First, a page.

YANGON — At least 71 people have been killed, including 12 members of the police and military, after Rohingya militants attacked remote border posts in Rakhine State on Friday, according to the office of State Counsellor Daw Aung San Suu Kyi.
It is the worst outbreak of violence for months in Rakhine State, coming only days after a milestone report by a commission led by former UN chief Kofi Annan urging immediate action to heal the divide.
In an updated toll, the State Counsellor’s office said 12 security officials had been killed and that “59 dead bodies of extremist Bengali terrorists” had been found — the phrase Myanmar authorities use to describe Rohingya militants
Around two dozen police posts came under attack by an estimated 150 militants in the early hours of Friday, prompting soldiers to fight back, the statement issued by the State Counsellor’s office said.
“Many police posts and stations were attacked,” said Aung San Suu Kyi’s office, in at least one case using homemade mines.
Confirming the unrest, a police officer in Buthidaung town, close to the worst violence, said border guard posts remained surrounded by militants as day broke in a fluid and dangerous flare up of violence.
“The situation is complicated… the military is arriving,” the officer told AFP on condition of anonymity, adding some of the attackers were armed with guns.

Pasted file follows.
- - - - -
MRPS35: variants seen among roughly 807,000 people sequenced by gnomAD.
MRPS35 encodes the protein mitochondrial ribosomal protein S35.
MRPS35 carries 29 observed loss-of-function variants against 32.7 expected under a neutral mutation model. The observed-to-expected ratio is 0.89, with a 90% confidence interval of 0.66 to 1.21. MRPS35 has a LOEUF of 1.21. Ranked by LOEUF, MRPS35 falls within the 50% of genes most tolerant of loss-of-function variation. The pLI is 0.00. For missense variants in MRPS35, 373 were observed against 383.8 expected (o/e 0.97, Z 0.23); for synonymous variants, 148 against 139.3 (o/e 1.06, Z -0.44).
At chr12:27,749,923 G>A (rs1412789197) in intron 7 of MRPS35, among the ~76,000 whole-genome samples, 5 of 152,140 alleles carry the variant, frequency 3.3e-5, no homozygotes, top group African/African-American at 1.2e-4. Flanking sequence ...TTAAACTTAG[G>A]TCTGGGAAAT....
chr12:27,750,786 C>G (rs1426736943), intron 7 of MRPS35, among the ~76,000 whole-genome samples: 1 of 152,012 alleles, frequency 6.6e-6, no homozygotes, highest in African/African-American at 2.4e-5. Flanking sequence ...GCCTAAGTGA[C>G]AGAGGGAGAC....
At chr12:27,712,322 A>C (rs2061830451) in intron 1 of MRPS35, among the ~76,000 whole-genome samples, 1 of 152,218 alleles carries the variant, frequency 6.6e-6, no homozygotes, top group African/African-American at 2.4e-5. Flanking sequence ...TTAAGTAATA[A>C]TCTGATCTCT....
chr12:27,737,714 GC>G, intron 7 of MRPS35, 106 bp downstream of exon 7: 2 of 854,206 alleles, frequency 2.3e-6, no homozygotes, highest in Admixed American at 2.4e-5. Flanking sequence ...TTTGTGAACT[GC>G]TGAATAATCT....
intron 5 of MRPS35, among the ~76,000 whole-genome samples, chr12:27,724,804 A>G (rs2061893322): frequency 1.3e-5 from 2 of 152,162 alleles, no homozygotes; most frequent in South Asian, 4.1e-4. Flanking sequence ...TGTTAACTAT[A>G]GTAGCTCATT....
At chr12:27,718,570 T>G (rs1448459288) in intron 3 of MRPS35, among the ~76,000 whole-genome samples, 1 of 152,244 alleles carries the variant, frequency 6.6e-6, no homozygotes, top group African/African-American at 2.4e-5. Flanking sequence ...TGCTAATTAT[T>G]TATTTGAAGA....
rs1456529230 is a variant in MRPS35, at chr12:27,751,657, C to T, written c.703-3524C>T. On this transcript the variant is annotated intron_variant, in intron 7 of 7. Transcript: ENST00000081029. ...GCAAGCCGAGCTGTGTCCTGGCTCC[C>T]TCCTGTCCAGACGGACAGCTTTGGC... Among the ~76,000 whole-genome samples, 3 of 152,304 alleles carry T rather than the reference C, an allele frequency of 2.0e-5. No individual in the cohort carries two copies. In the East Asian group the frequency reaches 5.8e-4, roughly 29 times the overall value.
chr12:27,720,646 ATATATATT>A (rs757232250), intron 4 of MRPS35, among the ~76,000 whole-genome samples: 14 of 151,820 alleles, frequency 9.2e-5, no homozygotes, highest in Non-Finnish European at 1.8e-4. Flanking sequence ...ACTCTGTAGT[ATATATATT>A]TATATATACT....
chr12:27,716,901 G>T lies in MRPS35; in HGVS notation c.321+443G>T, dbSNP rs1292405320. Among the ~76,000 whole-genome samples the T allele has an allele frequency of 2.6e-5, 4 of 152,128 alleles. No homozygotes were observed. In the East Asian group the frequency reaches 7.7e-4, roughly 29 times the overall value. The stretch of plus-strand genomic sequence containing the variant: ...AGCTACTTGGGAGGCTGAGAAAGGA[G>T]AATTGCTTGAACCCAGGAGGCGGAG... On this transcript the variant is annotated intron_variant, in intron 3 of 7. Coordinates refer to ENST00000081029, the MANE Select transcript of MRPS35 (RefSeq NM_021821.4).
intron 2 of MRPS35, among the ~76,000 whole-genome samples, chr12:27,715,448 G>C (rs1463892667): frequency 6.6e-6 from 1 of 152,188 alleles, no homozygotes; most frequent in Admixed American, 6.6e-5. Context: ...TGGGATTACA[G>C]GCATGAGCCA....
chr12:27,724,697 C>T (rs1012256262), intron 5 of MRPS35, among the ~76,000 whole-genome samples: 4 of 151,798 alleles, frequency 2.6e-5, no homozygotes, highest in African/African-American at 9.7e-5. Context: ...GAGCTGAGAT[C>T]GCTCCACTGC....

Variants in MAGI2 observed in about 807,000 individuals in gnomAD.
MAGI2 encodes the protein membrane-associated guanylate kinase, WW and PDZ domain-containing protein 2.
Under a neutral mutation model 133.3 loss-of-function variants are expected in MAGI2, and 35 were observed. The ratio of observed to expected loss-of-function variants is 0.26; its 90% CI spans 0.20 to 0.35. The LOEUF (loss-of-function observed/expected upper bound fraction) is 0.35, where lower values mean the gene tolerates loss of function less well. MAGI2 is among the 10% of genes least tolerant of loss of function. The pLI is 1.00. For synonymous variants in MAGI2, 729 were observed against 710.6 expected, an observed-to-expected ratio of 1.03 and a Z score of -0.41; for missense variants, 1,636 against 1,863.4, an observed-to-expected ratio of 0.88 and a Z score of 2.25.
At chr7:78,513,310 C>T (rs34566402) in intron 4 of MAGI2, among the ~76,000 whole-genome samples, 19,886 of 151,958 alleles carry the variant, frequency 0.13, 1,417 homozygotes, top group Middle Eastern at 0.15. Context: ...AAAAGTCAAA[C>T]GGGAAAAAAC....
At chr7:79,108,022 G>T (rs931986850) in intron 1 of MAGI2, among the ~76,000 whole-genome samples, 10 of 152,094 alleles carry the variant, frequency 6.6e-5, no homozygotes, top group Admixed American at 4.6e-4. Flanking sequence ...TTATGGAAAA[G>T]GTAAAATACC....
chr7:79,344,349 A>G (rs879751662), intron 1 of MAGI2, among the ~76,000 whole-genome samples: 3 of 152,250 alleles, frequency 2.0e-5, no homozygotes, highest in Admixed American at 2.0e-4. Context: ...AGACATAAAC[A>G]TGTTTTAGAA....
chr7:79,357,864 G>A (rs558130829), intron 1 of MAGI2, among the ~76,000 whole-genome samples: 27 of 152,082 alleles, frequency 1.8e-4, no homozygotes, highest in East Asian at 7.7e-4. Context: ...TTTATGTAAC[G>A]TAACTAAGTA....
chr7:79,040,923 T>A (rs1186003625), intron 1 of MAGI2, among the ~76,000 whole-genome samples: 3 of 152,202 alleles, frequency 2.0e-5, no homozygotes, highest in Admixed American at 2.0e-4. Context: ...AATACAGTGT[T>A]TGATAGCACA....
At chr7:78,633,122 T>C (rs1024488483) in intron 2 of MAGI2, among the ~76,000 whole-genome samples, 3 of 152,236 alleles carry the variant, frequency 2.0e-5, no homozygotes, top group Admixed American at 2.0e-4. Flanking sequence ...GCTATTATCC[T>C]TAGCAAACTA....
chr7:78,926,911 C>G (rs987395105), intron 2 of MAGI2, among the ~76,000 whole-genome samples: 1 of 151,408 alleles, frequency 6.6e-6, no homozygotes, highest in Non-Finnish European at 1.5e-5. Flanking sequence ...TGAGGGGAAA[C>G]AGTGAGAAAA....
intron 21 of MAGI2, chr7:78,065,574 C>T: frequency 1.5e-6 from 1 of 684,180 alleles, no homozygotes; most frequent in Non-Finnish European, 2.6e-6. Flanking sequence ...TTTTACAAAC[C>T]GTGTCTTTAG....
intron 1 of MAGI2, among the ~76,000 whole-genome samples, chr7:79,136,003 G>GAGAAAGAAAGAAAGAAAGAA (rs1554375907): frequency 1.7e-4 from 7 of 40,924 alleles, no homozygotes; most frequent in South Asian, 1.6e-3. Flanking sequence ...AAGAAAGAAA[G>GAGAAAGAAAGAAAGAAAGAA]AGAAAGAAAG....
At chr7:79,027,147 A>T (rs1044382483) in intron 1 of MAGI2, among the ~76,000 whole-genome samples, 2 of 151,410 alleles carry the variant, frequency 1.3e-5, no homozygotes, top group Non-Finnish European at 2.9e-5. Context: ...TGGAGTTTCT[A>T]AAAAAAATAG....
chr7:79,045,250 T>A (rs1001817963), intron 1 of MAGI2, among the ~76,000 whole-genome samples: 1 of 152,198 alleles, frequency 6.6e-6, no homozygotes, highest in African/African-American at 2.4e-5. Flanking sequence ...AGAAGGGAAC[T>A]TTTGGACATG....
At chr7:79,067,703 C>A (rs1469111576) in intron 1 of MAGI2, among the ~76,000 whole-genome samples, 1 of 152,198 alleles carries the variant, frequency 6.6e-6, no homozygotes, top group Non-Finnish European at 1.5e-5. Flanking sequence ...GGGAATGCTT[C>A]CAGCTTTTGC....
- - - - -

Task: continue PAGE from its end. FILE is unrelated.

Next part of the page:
State MP U Maung Ohn (Arakan National Party, Maungdaw-2), said that insurgents had besieged Kyauk Pandu village, and clashes were continuing.
A Twitter account purporting to represent the Arakan Rohingya Salvation Army, which claims to lead an insurgency based in the Mayu mountain range, took responsibility for the attacks on Friday morning.
“This is a legitimate step for us to defend the world’s persecuted people and liberate the oppressed people from the hands of the oppressors,” the account wrote.
Recent tensions have flared further after several Buddhists were found dead, prompting some ethnic Rakhine villagers to flee.
Violence after Annan report
The flare up came just hours after former UN chief Kofi Annan released a milestone report detailing conditions inside Rakhine and offering ways to heal the festering sectarian tensions there.
Commissioned by Myanmar’s own government, it urged the scrapping of restrictions of movement and citizenship imposed on the roughly one million-strong Rohingya community in Rakhine.
In a statement Annan said he was “gravely concerned” by the latest outbreak of fighting.
“The alleged scale and gravity of these attacks mark a worrying escalation of violence,” he said.
“After years of insecurity and instability, it should be clear that violence is not the solution to the challenges facing Rakhine State,” he added.
The wedge of Rakhine closest to Bangladesh has been in lockdown since October 2016.
Deadly attacks by the militants on border police sparked a military response that left scores dead and forced tens of thousands to flee to Bangladesh.
The UN believes those security ‘clearances’ may have amounted to ethnic cleansing of the Rohingya, a mainly Muslim minority living in Buddhist Myanmar.
The army and Aung San Suu Kyi’s civilian government vehemently deny allegations of widespread abuses, including rapes and murders.
They have so far refused to grant visas to UN investigators tasked with probing the allegations.
Myanmar security forces have conducted sporadic operations to flush out suspected militants throughout this year, often resulting in casualties among Rohingya villagers.
They have spoken of their fear at being trapped in between security forces and the militants, who are accused of conducting a shadowy assassination campaign against perceived collaborators with the state.
Access to the area is severely restricted and verifying information is difficult.
Additional reporting by Frontier.